North Carolina Department of Justice

North Carolina Department of Justice

North Carolina Department of Justice
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Scams to watch out for in tough times

1/30/2009


By Attorney General Roy Cooper


Times are hard and families across our state are trying to make their dollars stretch as far as possible. But a bad economy can be boon for con artists. Scammers will promise to save your home, help you get a loan or get you out of debt, but they’re really just trying to get rich at your expense. Don’t fall for their ploys.
 
Here are some scams to watch out for during tough economic times:
 
Foreclosure Rescue
 
These scammers prey on homeowners in foreclosure, promising to help you deal with your lender and save your home.  But once you pay the fee, you’ll get little or no help to modify your loan or get out of foreclosure. We recently shut down three foreclosure rescue scams operating in the Charlotte area. 
 
Steer clear of foreclosure rescue companies that require a payment before they’ll help you. It’s illegal to charge an upfront fee for foreclosure assistance services in North Carolina.  
 
Homeowners who fall victim to these foreclosure rescue schemes lose critical time and precious money that could be better spent on real solutions. For free help dealing with foreclosure, call the HOPE hotline at 888-995-HOPE. You can call the hotline toll-free 24 hours a day, seven days a week for free counseling on your options.
 
Credit Repair and Debt Settlement
 
Watch out for outfits that promise to fix your credit report, boost your credit score, or cut your debts in exchange for an upfront fee. One of these debt settlement outfits that we shut down last year promised to help customers avoid bankruptcy and become debt free in as little as one to three years. But in reality credit repair and debt settlement scams cheat consumers out of hundreds or thousands of dollars and will generally do nothing to improve your credit or help you get out of debt.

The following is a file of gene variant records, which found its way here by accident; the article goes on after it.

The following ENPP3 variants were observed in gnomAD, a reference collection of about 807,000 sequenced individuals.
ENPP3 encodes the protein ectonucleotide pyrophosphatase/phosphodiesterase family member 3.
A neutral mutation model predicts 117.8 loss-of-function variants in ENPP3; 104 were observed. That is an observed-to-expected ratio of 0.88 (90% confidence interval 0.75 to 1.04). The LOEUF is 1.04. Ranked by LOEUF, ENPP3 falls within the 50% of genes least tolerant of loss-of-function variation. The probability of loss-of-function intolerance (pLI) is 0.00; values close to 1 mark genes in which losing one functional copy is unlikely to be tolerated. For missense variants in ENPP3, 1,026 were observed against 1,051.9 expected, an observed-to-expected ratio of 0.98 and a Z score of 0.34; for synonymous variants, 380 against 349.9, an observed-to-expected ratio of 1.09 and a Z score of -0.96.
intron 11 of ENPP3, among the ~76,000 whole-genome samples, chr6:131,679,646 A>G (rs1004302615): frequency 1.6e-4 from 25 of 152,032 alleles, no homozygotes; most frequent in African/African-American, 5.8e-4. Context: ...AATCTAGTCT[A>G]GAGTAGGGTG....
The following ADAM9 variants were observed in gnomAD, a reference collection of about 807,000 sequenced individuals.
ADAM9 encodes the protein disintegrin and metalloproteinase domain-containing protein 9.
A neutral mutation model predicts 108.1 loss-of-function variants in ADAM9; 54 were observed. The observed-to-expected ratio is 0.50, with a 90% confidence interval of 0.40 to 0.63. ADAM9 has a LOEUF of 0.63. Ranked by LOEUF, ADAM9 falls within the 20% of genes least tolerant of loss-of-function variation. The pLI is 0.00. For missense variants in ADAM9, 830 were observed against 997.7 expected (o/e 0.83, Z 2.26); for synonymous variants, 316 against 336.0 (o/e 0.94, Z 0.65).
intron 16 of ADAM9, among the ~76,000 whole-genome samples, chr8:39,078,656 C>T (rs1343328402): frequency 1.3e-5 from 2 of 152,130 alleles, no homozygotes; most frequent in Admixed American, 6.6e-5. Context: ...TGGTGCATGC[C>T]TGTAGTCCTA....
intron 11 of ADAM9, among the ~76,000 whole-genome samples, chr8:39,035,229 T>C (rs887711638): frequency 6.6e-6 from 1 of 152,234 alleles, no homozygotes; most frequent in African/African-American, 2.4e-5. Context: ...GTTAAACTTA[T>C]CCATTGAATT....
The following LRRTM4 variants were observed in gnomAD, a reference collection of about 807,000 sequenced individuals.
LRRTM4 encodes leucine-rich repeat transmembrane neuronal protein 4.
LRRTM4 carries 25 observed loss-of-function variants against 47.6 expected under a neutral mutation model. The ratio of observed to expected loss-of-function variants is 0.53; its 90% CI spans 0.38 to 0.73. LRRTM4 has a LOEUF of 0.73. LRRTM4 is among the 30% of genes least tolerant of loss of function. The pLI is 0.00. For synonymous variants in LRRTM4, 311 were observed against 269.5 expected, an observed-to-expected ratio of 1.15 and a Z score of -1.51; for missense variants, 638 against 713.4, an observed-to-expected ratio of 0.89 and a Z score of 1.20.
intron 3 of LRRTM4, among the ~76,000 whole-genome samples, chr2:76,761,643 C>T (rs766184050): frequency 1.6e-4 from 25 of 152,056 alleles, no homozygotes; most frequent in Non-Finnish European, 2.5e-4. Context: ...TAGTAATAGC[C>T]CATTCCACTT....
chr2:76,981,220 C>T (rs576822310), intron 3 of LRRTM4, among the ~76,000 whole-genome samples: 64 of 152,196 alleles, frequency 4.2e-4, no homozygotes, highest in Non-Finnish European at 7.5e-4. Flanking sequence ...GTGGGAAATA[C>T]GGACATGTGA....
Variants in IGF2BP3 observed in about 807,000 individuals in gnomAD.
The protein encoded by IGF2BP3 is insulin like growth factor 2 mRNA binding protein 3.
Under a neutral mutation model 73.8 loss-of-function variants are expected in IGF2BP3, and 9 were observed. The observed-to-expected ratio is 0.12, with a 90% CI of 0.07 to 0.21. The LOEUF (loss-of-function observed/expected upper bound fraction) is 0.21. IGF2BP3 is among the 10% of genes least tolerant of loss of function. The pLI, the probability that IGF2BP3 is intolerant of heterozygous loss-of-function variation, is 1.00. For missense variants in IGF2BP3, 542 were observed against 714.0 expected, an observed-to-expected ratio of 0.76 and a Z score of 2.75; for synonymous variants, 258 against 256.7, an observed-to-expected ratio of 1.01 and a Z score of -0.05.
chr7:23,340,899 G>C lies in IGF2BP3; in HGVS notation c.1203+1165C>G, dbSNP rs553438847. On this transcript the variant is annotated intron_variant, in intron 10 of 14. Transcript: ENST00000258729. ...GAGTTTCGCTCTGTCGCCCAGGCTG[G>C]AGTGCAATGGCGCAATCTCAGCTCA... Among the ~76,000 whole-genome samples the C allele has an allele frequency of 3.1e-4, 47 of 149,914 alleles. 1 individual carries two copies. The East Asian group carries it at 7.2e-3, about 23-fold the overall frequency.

Under North Carolina law, it’s illegal to charge upfront fees for credit repair or debt settlement services. Instead, talk to a non-profit credit counselor who may be able to help you set up a legitimate plan to manage your debts. Find an accredited, non-profit credit counselor in your area by contacting the National Foundation for Credit Counseling at 1-800-388-2227 or www.nfcc.org.  
 
Advance Fee Loans, Grants and Credit Cards
 
Credit is harder to get right now and scammers know it. Beware of ads, telemarketing calls and other pitches that promise to help you get a loan, a credit card or even a free government grant in exchange for an upfront fee. In most cases, you’ll be wasting your money if you pay them a dime.
 
Under North Carolina law, it’s illegal for a loan broker to charge an upfront fee to help get a loan or a credit card for a consumer. If you need credit, shop around with several banks and lenders rather than responding to advance fee pitches. Be sure to compare costs, terms and rates from several credit card issuers/lenders.
 
Also, don’t fall for outfits that guarantee they can help you get a government grant. Legitimate grants are competitive and not everyone who applies gets funding. Instead of paying a fee for help finding grants, check directly with federal, state and local government agencies or visit www.grants.gov.
 
For more help and tips or to report a scam, visit my website at www.ncdoj.gov or call my Consumer Protection office at 1-877-5-NO-SCAM.


Attorney General Roy Cooper and his staff work to help North Carolina consumers make smart choices and avoid scams. We are here to be of service when you need us, but through education efforts like these columns we hope to help consumers avoid problems from the start.